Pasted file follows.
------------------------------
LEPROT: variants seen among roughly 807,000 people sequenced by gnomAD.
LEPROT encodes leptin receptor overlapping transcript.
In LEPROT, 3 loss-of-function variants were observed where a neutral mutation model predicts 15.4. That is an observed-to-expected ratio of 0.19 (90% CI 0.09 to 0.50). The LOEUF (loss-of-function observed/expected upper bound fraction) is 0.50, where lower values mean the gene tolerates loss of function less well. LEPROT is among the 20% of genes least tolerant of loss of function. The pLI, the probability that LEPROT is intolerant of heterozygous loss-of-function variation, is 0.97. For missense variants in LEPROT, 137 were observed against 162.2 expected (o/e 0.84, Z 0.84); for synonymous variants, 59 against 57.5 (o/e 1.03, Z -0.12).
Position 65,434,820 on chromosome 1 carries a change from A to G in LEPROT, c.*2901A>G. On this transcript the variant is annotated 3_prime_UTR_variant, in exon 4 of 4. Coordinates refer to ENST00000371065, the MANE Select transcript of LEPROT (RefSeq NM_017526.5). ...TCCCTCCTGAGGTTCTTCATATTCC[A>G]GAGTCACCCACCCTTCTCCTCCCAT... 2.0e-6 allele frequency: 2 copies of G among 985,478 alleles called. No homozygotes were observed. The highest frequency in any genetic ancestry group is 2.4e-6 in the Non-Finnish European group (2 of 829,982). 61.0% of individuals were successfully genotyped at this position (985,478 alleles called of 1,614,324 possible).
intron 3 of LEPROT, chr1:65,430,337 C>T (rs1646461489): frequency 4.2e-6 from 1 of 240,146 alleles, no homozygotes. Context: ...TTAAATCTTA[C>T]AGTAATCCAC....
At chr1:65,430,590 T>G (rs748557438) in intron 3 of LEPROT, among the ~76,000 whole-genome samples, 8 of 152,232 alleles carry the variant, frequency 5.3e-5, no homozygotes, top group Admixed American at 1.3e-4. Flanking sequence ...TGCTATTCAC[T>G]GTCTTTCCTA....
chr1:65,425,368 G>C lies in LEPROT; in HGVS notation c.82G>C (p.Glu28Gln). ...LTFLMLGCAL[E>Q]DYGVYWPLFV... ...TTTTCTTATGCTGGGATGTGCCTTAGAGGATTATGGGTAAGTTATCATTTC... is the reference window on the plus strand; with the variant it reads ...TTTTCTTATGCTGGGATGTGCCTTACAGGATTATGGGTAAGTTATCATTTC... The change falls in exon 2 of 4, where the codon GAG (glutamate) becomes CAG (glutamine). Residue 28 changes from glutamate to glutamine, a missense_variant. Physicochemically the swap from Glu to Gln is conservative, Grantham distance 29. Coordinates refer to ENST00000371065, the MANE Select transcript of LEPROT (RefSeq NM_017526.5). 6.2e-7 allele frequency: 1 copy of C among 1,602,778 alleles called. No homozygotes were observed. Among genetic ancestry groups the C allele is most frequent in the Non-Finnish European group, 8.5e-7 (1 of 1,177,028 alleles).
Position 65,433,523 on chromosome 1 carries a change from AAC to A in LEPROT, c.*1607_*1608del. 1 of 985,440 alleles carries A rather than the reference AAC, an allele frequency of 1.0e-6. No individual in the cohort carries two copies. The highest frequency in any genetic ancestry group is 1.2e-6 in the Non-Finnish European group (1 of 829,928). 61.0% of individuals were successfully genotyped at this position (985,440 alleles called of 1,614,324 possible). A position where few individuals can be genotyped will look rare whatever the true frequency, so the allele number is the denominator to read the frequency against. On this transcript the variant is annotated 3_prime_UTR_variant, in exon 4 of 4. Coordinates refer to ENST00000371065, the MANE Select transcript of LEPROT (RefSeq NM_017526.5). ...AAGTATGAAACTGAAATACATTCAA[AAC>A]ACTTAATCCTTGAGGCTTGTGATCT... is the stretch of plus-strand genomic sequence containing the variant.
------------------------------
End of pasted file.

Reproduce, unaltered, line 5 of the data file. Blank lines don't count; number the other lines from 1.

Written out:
intron 3 of LEPROT, chr1:65,430,337 C>T (rs1646461489): frequency 4.2e-6 from 1 of 240,146 alleles, no homozygotes. Context: ...TTAAATCTTA[C>T]AGTAATCCAC....